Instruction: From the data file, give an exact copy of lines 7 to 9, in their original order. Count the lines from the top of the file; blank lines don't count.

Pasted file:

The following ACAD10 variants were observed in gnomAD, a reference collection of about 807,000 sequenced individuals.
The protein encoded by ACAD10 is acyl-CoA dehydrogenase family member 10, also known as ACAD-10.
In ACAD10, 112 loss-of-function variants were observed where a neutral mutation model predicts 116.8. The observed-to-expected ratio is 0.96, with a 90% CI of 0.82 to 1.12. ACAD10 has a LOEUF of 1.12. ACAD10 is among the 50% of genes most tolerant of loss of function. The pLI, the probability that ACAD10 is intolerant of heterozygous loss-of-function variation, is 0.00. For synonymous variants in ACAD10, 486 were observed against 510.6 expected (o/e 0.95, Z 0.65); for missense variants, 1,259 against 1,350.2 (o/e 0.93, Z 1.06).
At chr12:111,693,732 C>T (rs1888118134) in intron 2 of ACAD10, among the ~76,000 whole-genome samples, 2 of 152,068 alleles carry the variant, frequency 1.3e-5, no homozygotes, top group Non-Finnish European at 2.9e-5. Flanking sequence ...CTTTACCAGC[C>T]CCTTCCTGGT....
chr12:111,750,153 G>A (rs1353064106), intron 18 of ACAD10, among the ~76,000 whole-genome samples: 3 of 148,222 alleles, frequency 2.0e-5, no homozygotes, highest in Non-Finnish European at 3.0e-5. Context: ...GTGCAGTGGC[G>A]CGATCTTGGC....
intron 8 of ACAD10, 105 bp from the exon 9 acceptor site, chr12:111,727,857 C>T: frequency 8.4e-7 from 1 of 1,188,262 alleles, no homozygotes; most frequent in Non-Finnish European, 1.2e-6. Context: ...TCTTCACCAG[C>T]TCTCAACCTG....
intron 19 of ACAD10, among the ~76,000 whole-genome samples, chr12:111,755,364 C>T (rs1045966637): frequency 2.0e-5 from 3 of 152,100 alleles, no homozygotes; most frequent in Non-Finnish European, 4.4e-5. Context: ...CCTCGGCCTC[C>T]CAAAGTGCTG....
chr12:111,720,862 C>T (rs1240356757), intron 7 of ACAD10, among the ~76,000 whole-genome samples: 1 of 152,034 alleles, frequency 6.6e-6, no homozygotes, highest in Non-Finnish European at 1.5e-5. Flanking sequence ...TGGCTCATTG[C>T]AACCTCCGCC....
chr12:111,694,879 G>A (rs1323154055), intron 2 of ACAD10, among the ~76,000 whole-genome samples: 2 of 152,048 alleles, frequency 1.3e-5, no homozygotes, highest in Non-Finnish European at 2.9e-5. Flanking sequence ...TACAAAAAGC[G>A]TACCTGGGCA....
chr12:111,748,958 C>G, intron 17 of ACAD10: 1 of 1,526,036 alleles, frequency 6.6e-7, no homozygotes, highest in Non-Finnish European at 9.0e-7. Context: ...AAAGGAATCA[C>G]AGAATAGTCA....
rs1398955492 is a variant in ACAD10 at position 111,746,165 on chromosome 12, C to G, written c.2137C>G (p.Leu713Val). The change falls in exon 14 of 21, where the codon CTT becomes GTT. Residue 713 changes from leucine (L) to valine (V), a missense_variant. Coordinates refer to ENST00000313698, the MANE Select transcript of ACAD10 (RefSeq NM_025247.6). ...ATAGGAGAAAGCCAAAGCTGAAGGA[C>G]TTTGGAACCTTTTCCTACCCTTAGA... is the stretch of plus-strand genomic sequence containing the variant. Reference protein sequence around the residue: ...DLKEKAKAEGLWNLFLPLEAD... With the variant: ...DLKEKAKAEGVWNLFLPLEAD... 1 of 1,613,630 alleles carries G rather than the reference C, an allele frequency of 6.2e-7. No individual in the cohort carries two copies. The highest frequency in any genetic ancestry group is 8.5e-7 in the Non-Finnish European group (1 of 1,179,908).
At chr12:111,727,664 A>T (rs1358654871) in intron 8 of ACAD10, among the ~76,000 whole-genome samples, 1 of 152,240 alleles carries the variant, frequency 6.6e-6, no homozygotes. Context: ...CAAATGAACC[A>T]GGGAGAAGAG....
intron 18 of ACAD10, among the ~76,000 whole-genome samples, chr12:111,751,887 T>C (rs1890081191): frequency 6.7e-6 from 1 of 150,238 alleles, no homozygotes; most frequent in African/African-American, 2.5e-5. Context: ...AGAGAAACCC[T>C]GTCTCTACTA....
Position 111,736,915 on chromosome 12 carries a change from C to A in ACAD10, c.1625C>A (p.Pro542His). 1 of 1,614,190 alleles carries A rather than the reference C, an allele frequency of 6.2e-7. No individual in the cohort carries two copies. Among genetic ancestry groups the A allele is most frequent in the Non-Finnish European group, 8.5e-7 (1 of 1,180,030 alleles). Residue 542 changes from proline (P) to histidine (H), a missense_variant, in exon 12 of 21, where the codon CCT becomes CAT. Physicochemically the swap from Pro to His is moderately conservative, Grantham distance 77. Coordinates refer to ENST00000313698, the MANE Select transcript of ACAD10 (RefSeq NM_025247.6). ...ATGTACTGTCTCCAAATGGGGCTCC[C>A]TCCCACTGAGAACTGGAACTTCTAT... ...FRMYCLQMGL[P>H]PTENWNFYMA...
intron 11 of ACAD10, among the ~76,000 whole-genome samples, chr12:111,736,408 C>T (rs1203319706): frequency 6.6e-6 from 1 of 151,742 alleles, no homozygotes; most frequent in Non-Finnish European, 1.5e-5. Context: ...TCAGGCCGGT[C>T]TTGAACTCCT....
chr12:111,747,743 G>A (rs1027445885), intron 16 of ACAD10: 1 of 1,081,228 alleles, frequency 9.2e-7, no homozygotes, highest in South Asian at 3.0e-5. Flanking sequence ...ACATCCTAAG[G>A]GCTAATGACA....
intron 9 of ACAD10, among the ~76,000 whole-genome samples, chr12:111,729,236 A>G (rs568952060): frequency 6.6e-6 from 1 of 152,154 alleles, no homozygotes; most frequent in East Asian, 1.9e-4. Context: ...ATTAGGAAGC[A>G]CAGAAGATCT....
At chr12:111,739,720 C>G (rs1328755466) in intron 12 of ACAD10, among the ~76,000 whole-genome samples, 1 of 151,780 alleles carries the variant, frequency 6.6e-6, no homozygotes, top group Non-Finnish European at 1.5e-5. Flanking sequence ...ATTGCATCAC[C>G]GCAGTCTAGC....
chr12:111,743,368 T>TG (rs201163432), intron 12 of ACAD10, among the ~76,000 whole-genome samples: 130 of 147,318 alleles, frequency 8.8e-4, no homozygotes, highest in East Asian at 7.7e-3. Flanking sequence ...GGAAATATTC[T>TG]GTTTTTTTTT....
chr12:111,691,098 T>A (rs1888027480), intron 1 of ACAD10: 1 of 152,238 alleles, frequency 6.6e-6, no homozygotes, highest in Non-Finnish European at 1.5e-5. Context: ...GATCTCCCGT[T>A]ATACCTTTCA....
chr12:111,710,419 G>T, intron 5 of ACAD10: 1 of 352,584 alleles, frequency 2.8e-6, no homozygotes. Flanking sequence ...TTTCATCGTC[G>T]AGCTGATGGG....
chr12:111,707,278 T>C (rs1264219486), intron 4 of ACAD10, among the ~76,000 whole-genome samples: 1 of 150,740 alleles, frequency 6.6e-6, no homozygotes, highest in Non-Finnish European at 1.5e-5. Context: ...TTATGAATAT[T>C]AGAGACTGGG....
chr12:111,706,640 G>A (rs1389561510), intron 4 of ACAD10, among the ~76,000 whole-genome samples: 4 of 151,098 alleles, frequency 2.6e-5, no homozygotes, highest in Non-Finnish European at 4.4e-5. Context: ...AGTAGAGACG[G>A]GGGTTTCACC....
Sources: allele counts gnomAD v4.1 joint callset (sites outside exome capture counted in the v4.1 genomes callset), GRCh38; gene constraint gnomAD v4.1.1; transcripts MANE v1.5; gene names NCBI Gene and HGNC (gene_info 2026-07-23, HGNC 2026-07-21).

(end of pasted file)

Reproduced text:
intron 19 of ACAD10, among the ~76,000 whole-genome samples, chr12:111,755,364 C>T (rs1045966637): frequency 2.0e-5 from 3 of 152,100 alleles, no homozygotes; most frequent in Non-Finnish European, 4.4e-5. Context: ...CCTCGGCCTC[C>T]CAAAGTGCTG....
chr12:111,720,862 C>T (rs1240356757), intron 7 of ACAD10, among the ~76,000 whole-genome samples: 1 of 152,034 alleles, frequency 6.6e-6, no homozygotes, highest in Non-Finnish European at 1.5e-5. Flanking sequence ...TGGCTCATTG[C>T]AACCTCCGCC....
chr12:111,694,879 G>A (rs1323154055), intron 2 of ACAD10, among the ~76,000 whole-genome samples: 2 of 152,048 alleles, frequency 1.3e-5, no homozygotes, highest in Non-Finnish European at 2.9e-5. Flanking sequence ...TACAAAAAGC[G>A]TACCTGGGCA....